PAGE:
My History with Community Visioning Sessions
I had an epiphany.
My husband and I attended a community visioning session, OurTown 56345, last week. We have attended many such visioning sessions in the past. My history with such sessions is that they generate a lot of excitement at the outset, with organizers eager to hear what residents have to say and residents eager to share their ideas for community development.
These sessions often feature color dots, which, though a boon to color dot manufacturers, tend to weed out a lot of good ideas, which are left moldering on the large white sheets of paper used to collect the ideas generated by people attending such sessions. You see, organizers tell everyone to put color dots next to their top three ideas, which means the most popular ideas are selected.
“Selected for what?” you might ask.
Well, ostensibly, the Ideas Chosen by Color Dot are the ones that will be pursued.
Pursued by whom?
Pursued with what resources?
And there’s the rub.
For all the excitement community visioning sessions produce, it has been my observation that when it comes to the execution of ideas, these efforts fizzle. (Where do all those large pieces of paper with ideas go after these sessions?)
Having witnessed this fizzling firsthand after attending many such sessions, it was with great hesitation that I participated in OurTown 56345, and only at the invitation of one of the organizers. I also knew that visioning session organizers tend to funnel attendees into predetermined solutions, so if I was going to participate, I decided I was going to modify how I engaged with this funnel.
I found a list of questions the organizers were seeking answers to through the Chamber of Commerce’s newsletter and answered them in written form, almost as though I was writing a blog post for each. Plus, I threw in a question organizers didn’t ask: What do you dislike about the city? Because no one at visioning sessions ever wants to go there for very obvious reasons. Who wants to listen to a major public bitch-fest? Except, by broaching the subject of what people dislike, we might be able to find insights that keep holding community development back.
So, there’s that.
Which led to one of my ideas for this round of visioning: Providing regular training in conflict resolution for those who are leading public meetings.
Because, if you have people trained to handle the situation, you could find a way to surface and safely release the negative thoughts people have about a community, which may lead to some resolutions of key issues.
My Epiphany: The Similarities Between Cities and Nonprofits
As I was writing my responses to these questions, taking a deep dive into community development and the visioning process itself, I wondered why cities of a particular size are so drawn to visioning sessions, particularly grant-funded visioning sessions. I’ve never heard of city-wide visioning sessions for Minneapolis or St. Paul, for example. And very small cities (those under 1,000 people) don’t seem to have them, either. It’s just the mid-sized cities.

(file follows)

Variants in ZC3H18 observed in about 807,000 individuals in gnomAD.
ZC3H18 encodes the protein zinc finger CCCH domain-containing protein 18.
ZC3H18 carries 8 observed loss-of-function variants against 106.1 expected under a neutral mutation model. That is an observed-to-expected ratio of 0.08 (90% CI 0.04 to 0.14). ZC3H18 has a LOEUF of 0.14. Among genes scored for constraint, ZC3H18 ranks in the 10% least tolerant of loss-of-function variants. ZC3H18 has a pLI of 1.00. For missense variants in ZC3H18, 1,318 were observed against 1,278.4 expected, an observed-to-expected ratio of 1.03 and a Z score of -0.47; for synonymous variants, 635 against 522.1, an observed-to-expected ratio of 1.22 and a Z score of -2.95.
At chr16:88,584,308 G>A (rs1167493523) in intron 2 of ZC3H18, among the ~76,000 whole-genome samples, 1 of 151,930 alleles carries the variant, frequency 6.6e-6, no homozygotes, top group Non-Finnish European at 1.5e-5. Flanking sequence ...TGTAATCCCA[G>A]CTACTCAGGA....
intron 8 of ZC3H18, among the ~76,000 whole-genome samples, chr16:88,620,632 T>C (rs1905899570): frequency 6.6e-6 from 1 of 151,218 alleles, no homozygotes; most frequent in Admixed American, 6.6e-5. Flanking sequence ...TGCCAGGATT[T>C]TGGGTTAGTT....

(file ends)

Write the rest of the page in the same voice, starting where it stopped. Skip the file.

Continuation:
I noodled this thought for a couple of days and woke with the following epiphany. (The dreaming brain is a wondrous thing!)
In the nonprofit world, there are small nonprofits that have very few resources, so they operate with no paid staff and need their board members and other interested people to volunteer their services to meet the organization’s mission.
There are also large nonprofits that have fully paid staff (with benefits!). These organizations use their board members in the ideal way board members should be used – to provide fiduciary and legal oversight, guidance, strategic planning, and advocacy for the organization. They don’t get involved in the day-to-day activities of the organizations, which is the role of staff.
And then there are the mid-sized nonprofits, the ones that have a handful of paid staff and not enough resources to fund everything their mission calls them to do or to pay for enough staff to cover all the functions of the organization. These nonprofits depend on having a board and other volunteers who can pitch in to help with programs, find contractors for building projects, assist with research, and various other sundry tasks.
Cities, based on size, are similar to this. Residents of tiny cities know that if they want anything done in terms of community development, they’ve got to roll up their sleeves and do it themselves. And they do.
Large cities have the staff and resources to handle the major daily functions of the city. They have enough critical mass that community development grows through its own momentum … no city-wide visioning sessions needed. (On a practical level, how would this even work?)
Mid-sized cities, however, don’t have enough staff, resources, or critical mass to carry out major community development initiatives, so community development can’t take care of itself. It has to be nudged along. Enter the community visioning session.
These sessions aren’t just about generating ideas for community development. I believe they are a way to surface hidden community resources, whether they are people or organizations or funding or even more ideas, to assist an overburdened city in moving some initiatives forward.
And that’s a fine ulterior motive for visioning sessions. However, if citizens are going to remain engaged in the process, these sessions need to lead to concrete, measurable goals that someone takes action on. In order for people to feel their time was well spent on the visioning session, they have to see these goals materialize in some form. Otherwise, the community visioning session is just an empty exercise.
If you live in a very small city or a large city that does have community visioning sessions, please share in the comments so I can modify how I think about this subject.